There is cause for both optimism and scepticism in the news that the US and Russia have agreed a ceasefire in Syria.
On the face of it, one of the world's bloodiest civil wars is about to come to an end — an end to be guaranteed by the two biggest, best armed militaries on the planet. This should be excellent news for everybody, not least the long suffering civilian population of one of the most bombed countries on earth.
The good news first. The Syrian Arab Army and the Kurds as well as their state backers should not fight each other.
The ceasefire announcement probably also forestalls Turkish and Saudi attacks against the government and the Kurds — both of which had either been threatened or were in progress. (The Turks have been shelling the Kurds and Syrian government for a week.)
Likewise, both sides commit to the political process. That includes adherence to the political process mandated in UN Security Council Resolution 2254 (including cessation of hostilities and a process leading to democratic elections).
Equally, the parties will allow aid to reach beleaguered areas. They also agree that they will work for the release of detainees.
These benefits cannot be underrated. While civilians have been used as a political football by all sides (both while there and once they have fled as refugees), there is no doubt they have been suffering. Once bustling, lively and ancient cities have been bombed, mined and booby-trapped. The inhabitants have been besieged, often for months, with limited access to food and water while living in the crossfire.
Even those living away from direct battlezones have been attacked — in the last days, dozens have been killed by car bombs in Homs and Damascus. Thousands have fled, meeting a mixed reception in places from Turkey to Nauru (from where three asylum seekers from Aleppo imprisoned by Australia have just found refuge in Canada).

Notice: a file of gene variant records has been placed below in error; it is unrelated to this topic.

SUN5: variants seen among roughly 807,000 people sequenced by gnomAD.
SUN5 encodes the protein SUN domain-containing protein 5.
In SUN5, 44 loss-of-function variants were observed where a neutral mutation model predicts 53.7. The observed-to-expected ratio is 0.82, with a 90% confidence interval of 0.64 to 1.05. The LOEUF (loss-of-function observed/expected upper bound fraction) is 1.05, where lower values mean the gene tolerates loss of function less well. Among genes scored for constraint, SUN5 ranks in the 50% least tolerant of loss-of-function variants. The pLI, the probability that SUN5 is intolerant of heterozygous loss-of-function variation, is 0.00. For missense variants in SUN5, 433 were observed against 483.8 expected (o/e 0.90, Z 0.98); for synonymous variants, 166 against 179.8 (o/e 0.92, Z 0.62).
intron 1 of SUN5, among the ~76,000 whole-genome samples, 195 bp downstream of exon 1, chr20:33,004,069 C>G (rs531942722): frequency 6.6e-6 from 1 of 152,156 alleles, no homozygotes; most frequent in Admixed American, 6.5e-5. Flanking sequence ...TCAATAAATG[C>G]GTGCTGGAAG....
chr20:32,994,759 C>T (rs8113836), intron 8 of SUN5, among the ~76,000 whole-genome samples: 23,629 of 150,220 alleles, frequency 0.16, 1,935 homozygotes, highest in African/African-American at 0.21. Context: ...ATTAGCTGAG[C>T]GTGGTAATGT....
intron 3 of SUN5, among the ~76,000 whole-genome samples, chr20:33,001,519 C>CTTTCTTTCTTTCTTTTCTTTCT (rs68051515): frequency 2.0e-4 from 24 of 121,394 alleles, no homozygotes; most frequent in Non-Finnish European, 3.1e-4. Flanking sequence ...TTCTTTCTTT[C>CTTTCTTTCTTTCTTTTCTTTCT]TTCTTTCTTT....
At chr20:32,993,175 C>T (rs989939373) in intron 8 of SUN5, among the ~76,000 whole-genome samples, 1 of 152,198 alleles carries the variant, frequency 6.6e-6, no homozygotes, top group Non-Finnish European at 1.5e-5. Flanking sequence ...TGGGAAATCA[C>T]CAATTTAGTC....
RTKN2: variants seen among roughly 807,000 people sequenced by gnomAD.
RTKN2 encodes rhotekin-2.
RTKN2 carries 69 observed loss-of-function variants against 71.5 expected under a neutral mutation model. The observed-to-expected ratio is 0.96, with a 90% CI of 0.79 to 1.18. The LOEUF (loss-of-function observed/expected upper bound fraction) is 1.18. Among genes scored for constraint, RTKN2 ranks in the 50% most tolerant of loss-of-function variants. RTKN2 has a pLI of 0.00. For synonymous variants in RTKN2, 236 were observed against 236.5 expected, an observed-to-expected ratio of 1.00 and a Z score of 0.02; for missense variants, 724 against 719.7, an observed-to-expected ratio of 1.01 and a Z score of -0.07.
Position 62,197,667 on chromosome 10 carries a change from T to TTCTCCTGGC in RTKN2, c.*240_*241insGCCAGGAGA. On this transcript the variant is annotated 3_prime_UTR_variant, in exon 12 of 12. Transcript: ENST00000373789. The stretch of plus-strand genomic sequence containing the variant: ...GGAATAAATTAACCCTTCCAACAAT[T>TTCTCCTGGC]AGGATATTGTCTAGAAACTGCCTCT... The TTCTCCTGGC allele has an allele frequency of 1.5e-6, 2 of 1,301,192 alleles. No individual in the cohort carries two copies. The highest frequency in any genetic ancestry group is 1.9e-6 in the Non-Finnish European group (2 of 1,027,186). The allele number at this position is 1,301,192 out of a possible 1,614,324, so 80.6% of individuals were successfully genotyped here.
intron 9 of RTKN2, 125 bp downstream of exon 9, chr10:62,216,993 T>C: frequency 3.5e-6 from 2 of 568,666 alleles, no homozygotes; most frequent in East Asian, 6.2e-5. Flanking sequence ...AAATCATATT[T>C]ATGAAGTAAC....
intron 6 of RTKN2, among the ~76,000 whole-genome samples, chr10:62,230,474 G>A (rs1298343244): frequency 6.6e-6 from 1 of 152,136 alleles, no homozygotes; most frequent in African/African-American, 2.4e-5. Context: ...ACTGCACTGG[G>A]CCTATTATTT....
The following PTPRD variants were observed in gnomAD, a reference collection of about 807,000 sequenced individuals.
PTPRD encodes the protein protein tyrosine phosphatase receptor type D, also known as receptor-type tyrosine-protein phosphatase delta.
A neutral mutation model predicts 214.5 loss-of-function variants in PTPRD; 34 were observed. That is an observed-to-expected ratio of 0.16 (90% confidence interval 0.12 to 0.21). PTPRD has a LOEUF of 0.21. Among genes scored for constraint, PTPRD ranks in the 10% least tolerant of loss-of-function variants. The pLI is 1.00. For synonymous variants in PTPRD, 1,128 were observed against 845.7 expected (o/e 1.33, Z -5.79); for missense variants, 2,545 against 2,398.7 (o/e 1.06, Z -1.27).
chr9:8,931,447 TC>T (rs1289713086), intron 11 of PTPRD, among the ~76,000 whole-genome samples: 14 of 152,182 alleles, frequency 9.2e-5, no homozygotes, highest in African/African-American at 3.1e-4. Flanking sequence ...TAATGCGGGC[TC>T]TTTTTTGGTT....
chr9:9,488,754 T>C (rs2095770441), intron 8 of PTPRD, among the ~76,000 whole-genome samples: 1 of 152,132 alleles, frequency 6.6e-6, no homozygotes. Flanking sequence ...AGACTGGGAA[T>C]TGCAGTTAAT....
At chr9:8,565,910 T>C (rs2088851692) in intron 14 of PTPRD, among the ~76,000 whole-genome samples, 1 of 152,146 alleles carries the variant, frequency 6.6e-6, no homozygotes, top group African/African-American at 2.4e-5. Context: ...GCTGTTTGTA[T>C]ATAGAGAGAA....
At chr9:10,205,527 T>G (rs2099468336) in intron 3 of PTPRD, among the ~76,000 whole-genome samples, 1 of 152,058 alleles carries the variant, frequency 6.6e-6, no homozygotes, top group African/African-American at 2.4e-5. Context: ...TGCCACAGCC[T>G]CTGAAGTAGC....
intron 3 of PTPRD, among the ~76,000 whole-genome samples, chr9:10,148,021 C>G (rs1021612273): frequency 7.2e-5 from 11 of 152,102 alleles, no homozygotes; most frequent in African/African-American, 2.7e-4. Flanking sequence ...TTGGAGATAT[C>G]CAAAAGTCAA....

So far so good.
So what could possibly go wrong?
Well, quite a lot. For a start, who is covered is unclear and open to a good deal of wrangling. The ceasefire covers 'any party currently engaged in military or paramilitary hostilities against any other parties other than 'Daesh', 'Jabhat al-Nusra', or other terrorist organisations designated by the UN Security Council'. In addition, persistent violators of the ceasefire will be treated as 'terrorists'.
The question of who else will or will not be treated as a terrorist group is much harder to answer. Way back in September, General Austin told the US Congress that the US attempt to train 'moderate' rebels with ideals more in line with the US than those of Al Nusra or ISIS had yielded 'no more than four or five' who were still in the field.
Since then, however, the US' standard reason for not supporting the Russian efforts (leaving aside the bloody nature of both great powers' air campaigns in Syria) is that they target 'moderate rebels' rather than ISIS or Al Nusra. (The Russians have taken the ethically dicey, but consistent, line that Assad is the best of a bad lot.)
As a result, it has been painfully clear that both the US and Russia will continue to differ on who is a moderate rebel and who is not.
In addition, even assuming that any party to the Syrian civil war is 'moderate', the ever-shifting quagmire of rebel alliances means it is almost possible to avoid supporting a 'non-moderate' rebel group even if you put your money on someone else.
In this way, for example, by supporting Jaish al Fatah, the US and their allies have been channelling arms to Al Nusra (one of its affiliates). Worse, some of the 'vetted, moderate rebels' have been funnelling their weaponry direct to the Al Qaeda franchisee.
Thus, it will be very difficult to determine whether or not one of the rebel parties to the ceasefire is acting in self-defence or is simply a terror group with a change of uniform or badge.
In addition and, to some extent, lying behind these conflicting allegiances is the fact that superimposed on the Syrian civil war is an ongoing cold war and proxy conflict between Russia and the US. As in the old Cold War, each has come to see geopolitics in terms of a zero sum game — what's bad for them is good for me and vice versa.
It is this questionable logic that led to the rise of entities like Al Qaeda in the first place as great powers found themselves rearing and riding tigers which they could not dismount. Only time will tell whether the great power guarantors of the ceasefire are more interested in peace on the ground or in gaming the system for their own perceived short term gain.
Aside from these long term issues, there is the short term question of what happens in the meantime. The ceasefire only takes effect in three days. That would seem to guarantee a scramble for territory and a consequent intensification of the fighting within the next three days as each party to the conflict and its backers muscle in to secure as good a position as possible pending the ceasefire.
In summary then, while the ceasefire can only be an improvement on the current situation, it will take a fair while to tell whether it will make a genuine difference or whether it is yet another false dawn.
Justin Glyn SJ is studying for the priesthood. Previously he practised law in South Africa and New Zealand and has a PhD in administrative and international law.